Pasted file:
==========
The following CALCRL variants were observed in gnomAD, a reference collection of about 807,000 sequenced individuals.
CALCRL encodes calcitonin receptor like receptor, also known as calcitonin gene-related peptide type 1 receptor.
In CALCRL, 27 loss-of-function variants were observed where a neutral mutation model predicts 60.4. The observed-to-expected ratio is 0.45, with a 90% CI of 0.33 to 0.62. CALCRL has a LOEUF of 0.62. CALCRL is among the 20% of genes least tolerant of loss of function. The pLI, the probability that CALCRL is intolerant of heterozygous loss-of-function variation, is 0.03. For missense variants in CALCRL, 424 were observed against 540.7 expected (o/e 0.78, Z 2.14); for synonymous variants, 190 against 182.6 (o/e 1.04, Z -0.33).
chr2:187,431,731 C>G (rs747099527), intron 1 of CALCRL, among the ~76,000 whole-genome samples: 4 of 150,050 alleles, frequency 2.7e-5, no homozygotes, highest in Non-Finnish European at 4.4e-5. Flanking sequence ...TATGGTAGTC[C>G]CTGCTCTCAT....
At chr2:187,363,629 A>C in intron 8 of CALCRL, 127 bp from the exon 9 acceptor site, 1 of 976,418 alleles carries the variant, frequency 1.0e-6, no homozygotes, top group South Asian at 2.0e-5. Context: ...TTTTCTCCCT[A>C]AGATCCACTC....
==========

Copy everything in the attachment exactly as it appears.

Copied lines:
The following CALCRL variants were observed in gnomAD, a reference collection of about 807,000 sequenced individuals.
CALCRL encodes calcitonin receptor like receptor, also known as calcitonin gene-related peptide type 1 receptor.
In CALCRL, 27 loss-of-function variants were observed where a neutral mutation model predicts 60.4. The observed-to-expected ratio is 0.45, with a 90% CI of 0.33 to 0.62. CALCRL has a LOEUF of 0.62. CALCRL is among the 20% of genes least tolerant of loss of function. The pLI, the probability that CALCRL is intolerant of heterozygous loss-of-function variation, is 0.03. For missense variants in CALCRL, 424 were observed against 540.7 expected (o/e 0.78, Z 2.14); for synonymous variants, 190 against 182.6 (o/e 1.04, Z -0.33).
chr2:187,431,731 C>G (rs747099527), intron 1 of CALCRL, among the ~76,000 whole-genome samples: 4 of 150,050 alleles, frequency 2.7e-5, no homozygotes, highest in Non-Finnish European at 4.4e-5. Flanking sequence ...TATGGTAGTC[C>G]CTGCTCTCAT....
At chr2:187,363,629 A>C in intron 8 of CALCRL, 127 bp from the exon 9 acceptor site, 1 of 976,418 alleles carries the variant, frequency 1.0e-6, no homozygotes, top group South Asian at 2.0e-5. Context: ...TTTTCTCCCT[A>C]AGATCCACTC....